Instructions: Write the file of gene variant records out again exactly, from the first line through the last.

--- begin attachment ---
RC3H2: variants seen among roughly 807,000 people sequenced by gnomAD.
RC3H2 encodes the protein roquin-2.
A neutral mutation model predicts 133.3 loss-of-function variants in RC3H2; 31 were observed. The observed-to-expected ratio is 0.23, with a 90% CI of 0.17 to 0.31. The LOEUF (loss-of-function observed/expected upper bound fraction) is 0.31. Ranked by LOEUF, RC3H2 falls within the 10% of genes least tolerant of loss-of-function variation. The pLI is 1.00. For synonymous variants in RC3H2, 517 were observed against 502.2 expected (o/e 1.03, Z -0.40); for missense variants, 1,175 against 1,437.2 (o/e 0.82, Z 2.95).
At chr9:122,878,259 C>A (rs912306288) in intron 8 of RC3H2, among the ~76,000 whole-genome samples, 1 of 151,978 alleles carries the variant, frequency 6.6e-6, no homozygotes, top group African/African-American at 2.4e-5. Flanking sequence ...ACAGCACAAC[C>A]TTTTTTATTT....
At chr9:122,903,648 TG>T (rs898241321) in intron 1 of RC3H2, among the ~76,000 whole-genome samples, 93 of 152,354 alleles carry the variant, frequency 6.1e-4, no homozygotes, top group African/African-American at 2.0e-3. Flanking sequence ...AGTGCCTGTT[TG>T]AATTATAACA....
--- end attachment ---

RC3H2: variants seen among roughly 807,000 people sequenced by gnomAD.
RC3H2 encodes the protein roquin-2.
A neutral mutation model predicts 133.3 loss-of-function variants in RC3H2; 31 were observed. The observed-to-expected ratio is 0.23, with a 90% CI of 0.17 to 0.31. The LOEUF (loss-of-function observed/expected upper bound fraction) is 0.31. Ranked by LOEUF, RC3H2 falls within the 10% of genes least tolerant of loss-of-function variation. The pLI is 1.00. For synonymous variants in RC3H2, 517 were observed against 502.2 expected (o/e 1.03, Z -0.40); for missense variants, 1,175 against 1,437.2 (o/e 0.82, Z 2.95).
At chr9:122,878,259 C>A (rs912306288) in intron 8 of RC3H2, among the ~76,000 whole-genome samples, 1 of 151,978 alleles carries the variant, frequency 6.6e-6, no homozygotes, top group African/African-American at 2.4e-5. Flanking sequence ...ACAGCACAAC[C>A]TTTTTTATTT....
At chr9:122,903,648 TG>T (rs898241321) in intron 1 of RC3H2, among the ~76,000 whole-genome samples, 93 of 152,354 alleles carry the variant, frequency 6.1e-4, no homozygotes, top group African/African-American at 2.0e-3. Flanking sequence ...AGTGCCTGTT[TG>T]AATTATAACA....